CNEWA President Msgr. John E. Kozar stands with seminarians in India during his pastoral visit. (photo: John E. Kozar)
Syro-Malankara Catholic catechumens process towards a community event in a remote area to welcome Msgr. John E. Kozar’s pastoral visit. (photo: John E. Kozar)
Catechumens welcome Msgr. Kozar on his pastoral visit. (photo: John E. Kozar)
A formator and catechist who lives among the poor plays a jhika, an instrument common in Punjabi folk music in northern India. (photo: John E. Kozar)
Children from a village in India gather at an assembly for Msgr. Kozar’s pastoral visit in late 2014. (photo: John E. Kozar)
Msgr. Kozar speaks to the faith community in a remote village in central India. (photo: John E. Kozar)
Members of the community in a remote village in India invite Msgr. Kozar into their home. (photo: John E. Kozar)
Indian villagers join together in a multi-linguistic Lord’s Prayer. (photo: John E. Kozar)
Mothers in a remote village in India bring their children forward for a blessing from Archbishop Kuriakose Bharanikulangara and Msgr. John E. Kozar. (photo: John E. Kozar)
Msgr. Kozar is presented with a lei-like floral wreath as part of a formal welcoming ceremony. (photo: John E. Kozar)
Syro-Malabar Archbishop Kuriakose Bharanikulangara of Faridabad, ordained in 2012, accompanied Msgr. Kozar on his 2014 visit to India. (photo: John E. Kozar)
Dancers in typical Punjabi dress greet Archbishop Kuriakose Bharanikulangara and Msgr. John E. Kozar as part of their pastoral visit. (photo: John E. Kozar)
I recently returned from a pastoral visit to India and I would like to share with you some uplifting and exciting highlights of my visit.
By way of a little background, CNEWA’s work in India focuses on assisting and accompanying the Syro-Malabar and Syro-Malankara Catholic churches. These churches trace their heritage to the time of St. Thomas the Apostle. As mission-minded churches, its members reach out all over the world, dynamically serving as proclaimers and evangelizers.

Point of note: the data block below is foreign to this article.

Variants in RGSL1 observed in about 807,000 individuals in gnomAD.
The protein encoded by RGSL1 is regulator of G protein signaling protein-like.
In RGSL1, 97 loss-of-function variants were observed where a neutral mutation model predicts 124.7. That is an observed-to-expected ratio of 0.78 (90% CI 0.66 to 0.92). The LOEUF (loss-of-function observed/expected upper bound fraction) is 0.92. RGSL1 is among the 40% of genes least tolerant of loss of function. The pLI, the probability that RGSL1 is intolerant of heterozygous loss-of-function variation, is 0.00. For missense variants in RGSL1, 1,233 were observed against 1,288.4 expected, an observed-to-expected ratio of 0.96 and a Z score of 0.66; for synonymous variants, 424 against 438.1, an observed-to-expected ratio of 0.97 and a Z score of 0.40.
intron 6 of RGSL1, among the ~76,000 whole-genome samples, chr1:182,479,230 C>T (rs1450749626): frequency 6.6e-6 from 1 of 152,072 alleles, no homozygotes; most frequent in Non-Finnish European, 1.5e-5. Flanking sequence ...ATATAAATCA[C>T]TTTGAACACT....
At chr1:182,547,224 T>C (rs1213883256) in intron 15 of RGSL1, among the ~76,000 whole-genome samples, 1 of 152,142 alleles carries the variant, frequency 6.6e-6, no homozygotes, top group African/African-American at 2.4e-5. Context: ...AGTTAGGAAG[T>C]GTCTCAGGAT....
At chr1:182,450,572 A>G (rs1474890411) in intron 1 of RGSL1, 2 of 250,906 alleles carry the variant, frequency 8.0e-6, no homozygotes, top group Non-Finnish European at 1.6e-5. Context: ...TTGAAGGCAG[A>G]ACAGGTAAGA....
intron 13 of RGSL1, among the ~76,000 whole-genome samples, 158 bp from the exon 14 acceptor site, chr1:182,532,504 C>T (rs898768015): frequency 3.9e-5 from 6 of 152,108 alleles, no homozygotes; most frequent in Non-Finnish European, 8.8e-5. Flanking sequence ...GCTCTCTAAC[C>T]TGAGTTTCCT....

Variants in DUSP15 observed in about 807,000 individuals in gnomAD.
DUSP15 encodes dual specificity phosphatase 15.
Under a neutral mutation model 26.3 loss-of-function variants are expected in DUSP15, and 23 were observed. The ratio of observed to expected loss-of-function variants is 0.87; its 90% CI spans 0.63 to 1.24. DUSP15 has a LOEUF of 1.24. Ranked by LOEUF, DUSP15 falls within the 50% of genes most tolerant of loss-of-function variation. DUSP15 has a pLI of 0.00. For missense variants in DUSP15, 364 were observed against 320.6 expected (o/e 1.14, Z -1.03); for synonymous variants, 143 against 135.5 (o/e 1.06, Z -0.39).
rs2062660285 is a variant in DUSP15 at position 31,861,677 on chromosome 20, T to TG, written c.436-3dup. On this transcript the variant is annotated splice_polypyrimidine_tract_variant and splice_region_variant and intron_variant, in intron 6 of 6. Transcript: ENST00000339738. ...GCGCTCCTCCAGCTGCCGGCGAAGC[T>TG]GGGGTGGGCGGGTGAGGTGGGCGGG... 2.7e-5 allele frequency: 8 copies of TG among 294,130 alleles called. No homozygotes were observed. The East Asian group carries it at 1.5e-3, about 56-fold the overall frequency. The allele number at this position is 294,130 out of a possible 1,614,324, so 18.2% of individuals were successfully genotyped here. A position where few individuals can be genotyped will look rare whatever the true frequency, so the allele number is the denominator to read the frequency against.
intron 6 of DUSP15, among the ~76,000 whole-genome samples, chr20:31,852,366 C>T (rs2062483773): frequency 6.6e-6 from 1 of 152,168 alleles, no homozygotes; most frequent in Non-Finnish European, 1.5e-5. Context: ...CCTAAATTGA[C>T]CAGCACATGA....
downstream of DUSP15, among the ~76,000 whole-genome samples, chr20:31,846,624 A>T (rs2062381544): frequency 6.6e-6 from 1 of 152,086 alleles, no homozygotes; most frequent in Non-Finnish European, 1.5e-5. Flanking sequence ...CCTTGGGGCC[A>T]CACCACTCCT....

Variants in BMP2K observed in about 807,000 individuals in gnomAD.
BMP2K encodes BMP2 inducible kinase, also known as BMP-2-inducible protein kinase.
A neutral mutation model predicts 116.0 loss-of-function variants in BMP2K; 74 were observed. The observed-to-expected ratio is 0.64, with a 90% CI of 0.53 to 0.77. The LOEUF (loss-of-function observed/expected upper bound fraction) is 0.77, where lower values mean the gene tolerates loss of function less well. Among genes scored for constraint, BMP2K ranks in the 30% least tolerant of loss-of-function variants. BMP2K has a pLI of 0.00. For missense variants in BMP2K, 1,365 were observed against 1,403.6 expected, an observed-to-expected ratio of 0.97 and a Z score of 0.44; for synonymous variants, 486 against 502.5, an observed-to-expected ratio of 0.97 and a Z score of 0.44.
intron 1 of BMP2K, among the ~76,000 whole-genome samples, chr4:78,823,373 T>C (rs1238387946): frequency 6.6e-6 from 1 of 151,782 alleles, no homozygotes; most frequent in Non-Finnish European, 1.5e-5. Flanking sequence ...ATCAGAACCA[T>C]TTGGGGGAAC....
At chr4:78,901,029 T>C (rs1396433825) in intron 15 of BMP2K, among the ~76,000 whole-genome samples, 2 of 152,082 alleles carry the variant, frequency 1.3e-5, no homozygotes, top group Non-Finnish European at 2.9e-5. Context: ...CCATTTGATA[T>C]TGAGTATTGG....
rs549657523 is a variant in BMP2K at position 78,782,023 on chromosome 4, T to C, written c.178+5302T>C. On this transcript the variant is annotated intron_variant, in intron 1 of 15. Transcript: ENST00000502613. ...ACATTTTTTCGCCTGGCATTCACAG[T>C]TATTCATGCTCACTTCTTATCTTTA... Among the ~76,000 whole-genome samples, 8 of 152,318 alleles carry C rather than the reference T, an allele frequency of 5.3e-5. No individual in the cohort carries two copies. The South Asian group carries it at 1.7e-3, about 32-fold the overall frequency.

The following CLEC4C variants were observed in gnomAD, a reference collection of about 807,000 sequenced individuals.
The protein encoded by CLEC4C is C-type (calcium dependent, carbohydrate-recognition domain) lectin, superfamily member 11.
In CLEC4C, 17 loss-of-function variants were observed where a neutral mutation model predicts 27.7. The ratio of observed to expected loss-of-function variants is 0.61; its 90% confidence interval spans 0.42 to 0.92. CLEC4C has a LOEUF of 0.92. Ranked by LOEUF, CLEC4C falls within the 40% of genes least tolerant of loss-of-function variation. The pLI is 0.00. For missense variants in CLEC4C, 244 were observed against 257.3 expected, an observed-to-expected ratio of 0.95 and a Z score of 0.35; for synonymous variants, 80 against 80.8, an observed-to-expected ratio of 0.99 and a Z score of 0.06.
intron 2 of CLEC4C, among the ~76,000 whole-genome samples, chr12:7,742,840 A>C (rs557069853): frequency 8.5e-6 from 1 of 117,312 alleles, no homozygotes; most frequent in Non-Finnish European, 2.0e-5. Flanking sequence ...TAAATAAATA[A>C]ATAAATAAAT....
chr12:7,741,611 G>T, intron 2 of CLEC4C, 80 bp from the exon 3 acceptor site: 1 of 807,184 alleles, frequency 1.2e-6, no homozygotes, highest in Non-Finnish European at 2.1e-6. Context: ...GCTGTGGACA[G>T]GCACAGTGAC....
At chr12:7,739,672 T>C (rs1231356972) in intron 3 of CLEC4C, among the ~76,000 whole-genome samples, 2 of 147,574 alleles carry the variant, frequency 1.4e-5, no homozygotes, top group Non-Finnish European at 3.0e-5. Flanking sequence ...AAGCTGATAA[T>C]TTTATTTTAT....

But we have concentrated much of our support for these churches in the south — specifically in the state of Kerala. Thanks be to God, the churches in Kerala have flourished; many young men are drawn to the priesthood, and young women, though perhaps in slightly fewer numbers, are becoming sisters. Little by little, the church in southern India is becoming more and more self-sufficient.
But now the great call of these churches is to reach out to the real mission territory of India: The spiritual sons and daughters of the Apostle Thomas have undertaken a new missionary thrust to evangelize the “unreached” in the northern half of India.
On a series of visits with my hosts — a team of humble priests, religious sisters and lay leaders, including catechists — I have experienced firsthand this new approach to missionary life in India. It is happening not by building schools, erecting clinics or developing social service projects, but simply by humbly living with the poor. This means no formal structures — no buildings per se — but living, breathing witnesses of Christ who share with the poor the love that God has for all, giving them a sense of hope and belonging.
Cultural and political sensitivities prohibit me from sharing with you where some of these visits have taken place, but I can tell you what I experienced. I met humble, tribal people. Many were not of any caste (thus, they are literally outcasts) and all of them were hungry to learn about Jesus. They felt very comfortable and loved by the priests, sisters and lay leaders who were sharing their faith with the poor.